Admittedly, the script above is extremely easy to follow. As you’ll recall from my previous article, all the data included when sending the pertinent email message is submitted by a regular POST http request, so the script begins cleaning up the respective POST data. In this specific case, I’ve only used the “trim()” PHP built-in function for removing unwanted white space, but you may want to apply a thorough filter on the data, by stripping tags and removing single and double quotes, depending on the configuration of your ”php.ini” file.

The next thing the above script does is sequentially check to see if the “To,” “Subject” and “Message” fields have been filled in, respectively. If any of them hadn’t been populated, the script sends back to the client an indicative error message and program execution is stopped. In addition, as you can see, the email address verification process is kept at a basic level, which returns me to the issue I discussed earlier, since there’s plenty of room to implement more complex routines for checking the validity of entered data. Regarding this checking process, here are the lines that verify whether the pertinent fields have been filled in or not:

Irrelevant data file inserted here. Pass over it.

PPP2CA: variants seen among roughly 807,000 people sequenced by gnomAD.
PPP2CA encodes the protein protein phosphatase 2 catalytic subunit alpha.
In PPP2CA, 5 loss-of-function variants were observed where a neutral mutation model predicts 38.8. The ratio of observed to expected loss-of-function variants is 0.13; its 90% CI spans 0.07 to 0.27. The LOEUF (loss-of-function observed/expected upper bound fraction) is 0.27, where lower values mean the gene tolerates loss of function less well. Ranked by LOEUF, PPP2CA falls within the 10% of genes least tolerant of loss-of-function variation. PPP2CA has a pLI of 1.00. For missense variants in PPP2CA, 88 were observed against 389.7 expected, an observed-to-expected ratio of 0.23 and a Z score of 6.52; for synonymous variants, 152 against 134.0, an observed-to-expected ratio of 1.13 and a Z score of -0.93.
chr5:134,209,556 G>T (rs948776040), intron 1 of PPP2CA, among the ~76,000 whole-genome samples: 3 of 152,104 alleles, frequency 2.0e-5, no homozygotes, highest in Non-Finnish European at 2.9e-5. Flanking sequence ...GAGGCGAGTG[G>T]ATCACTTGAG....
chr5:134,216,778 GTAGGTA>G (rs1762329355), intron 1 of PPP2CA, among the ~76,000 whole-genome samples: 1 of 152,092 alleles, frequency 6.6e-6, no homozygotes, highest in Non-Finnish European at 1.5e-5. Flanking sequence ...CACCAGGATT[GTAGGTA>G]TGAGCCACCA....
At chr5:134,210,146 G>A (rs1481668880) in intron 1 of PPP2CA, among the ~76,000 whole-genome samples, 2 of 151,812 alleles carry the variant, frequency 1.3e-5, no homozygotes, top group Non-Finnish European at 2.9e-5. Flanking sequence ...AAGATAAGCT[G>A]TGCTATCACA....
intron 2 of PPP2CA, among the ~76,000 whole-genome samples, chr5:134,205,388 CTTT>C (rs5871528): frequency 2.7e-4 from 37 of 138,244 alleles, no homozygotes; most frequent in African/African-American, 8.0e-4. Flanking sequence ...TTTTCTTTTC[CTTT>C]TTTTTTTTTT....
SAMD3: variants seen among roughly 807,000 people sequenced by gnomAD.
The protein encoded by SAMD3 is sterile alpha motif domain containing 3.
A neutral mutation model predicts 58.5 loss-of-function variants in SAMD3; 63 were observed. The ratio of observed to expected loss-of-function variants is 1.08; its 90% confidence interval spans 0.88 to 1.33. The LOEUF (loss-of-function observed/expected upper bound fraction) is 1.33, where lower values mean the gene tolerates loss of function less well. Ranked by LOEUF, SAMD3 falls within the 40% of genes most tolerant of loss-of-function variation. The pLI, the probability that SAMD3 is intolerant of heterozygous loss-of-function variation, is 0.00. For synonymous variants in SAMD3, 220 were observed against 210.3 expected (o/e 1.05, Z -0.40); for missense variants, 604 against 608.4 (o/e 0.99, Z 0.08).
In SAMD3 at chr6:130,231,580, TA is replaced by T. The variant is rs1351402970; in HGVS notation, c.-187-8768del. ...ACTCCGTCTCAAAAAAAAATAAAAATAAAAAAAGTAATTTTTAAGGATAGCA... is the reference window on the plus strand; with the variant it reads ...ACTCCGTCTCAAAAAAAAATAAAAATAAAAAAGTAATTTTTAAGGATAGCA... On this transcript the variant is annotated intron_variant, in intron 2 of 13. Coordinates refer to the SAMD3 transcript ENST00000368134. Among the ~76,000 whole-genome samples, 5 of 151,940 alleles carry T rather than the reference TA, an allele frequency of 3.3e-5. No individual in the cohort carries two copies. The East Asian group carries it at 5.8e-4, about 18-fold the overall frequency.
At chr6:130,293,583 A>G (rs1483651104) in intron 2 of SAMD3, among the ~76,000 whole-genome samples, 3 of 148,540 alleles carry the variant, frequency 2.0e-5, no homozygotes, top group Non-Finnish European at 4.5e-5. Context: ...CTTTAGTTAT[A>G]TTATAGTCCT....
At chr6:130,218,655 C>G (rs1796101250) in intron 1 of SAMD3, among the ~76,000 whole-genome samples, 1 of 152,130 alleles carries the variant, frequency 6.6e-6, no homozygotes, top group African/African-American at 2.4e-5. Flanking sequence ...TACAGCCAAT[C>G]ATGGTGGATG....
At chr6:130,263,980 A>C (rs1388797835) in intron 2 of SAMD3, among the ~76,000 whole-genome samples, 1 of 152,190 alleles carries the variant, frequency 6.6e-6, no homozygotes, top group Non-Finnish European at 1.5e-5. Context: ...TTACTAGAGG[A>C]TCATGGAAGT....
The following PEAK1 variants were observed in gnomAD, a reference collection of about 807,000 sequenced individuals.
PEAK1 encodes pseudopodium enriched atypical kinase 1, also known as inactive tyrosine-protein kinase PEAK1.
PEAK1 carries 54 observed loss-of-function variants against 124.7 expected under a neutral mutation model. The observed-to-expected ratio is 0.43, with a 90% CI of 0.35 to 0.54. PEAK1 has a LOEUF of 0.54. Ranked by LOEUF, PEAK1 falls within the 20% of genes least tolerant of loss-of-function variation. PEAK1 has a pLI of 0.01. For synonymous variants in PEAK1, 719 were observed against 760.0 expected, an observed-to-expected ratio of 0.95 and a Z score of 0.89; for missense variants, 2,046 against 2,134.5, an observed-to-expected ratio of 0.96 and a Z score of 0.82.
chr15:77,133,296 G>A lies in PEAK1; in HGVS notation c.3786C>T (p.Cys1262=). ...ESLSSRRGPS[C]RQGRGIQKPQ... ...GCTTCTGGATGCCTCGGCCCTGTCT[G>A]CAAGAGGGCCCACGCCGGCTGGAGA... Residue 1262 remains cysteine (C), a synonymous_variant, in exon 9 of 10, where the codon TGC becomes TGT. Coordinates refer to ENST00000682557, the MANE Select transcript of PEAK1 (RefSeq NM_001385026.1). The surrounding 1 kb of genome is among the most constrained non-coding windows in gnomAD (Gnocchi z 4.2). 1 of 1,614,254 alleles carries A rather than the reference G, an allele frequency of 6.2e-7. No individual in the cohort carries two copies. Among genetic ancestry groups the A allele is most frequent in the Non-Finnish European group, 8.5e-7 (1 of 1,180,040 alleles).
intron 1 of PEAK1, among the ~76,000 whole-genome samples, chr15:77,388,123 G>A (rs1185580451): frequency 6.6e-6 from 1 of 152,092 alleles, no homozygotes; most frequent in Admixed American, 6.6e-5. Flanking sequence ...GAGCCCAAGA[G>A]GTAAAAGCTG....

// check if 'recipient' field has been filled or not
if(!$_POST['to']||$_POST['to']=='TO: '){
    echo 'STATUS: PLEASE SPECIFY AN EMAIL ADDRESS';
    exit();
}
// check if 'subject' field has been filled or not
if(!$_POST['subject']||$_POST['subject']=='SUBJECT: '){
    echo 'STATUS: PLEASE SPECIFY A SUBJECT';
    exit();
}
// check if 'message' field has been filled or not
if(!$_POST['message']){
    echo 'STATUS: PLEASE ENTER YOUR MESSAGE';
    exit();
}

Now, by continuing with the explanation of each task performed by the script, after having checked input data, it determines whether the corresponding “Cc” and “Bcc” fields have been specified. In that case, they’re appended to the string that composes the MIME headers of the message. This process is conveniently illustrated as follows:

$headers="MIME-Version 1.0\r\n"."Content-Type: text/plain; charset=iso-8859-1
\r\n"."From: myaddress@mydomain.com\r\n"."Reply-to:
myaddress@mydomain.com\r\n";
// check if 'CC' field has been filled or not
if(!empty($_POST['cc'])&&$_POST['cc']!='CC: '){
    $headers.="Cc: ".str_replace('CC:','',$_POST['cc'])."\r\n";
}
// check if 'Bcc' field has been filled or not
if(!empty($_POST['bcc'])&&$_POST['bcc']!='BCC: '){
    $headers.="Bcc: ".str_replace('BCC:','',$_POST['bcc'])."\r\n";
}

Finally, the email message is sent out, as shown below:

// send email
if(!mail($to,$subject,$message,$headers)){
    echo 'STATUS: ERROR SENDING MESSAGE';
    exit();
}
else{
    echo 'STATUS: MESSAGE WAS SENT SUCCESSFULLY';
    exit();

Well, so far I have written a PHP script for sending email, which although simple, is quite useful for my specific purpose of providing the AJAX application with this ability. What’s next? Fortunately, that’s simple to answer. In the next section, I’ll be listing the source code for the PHP snippet that inserts new contacts into the respective XML file, so you can have a clear idea of how the complete server-side layer looks. Thus, clink the link below and keep reading.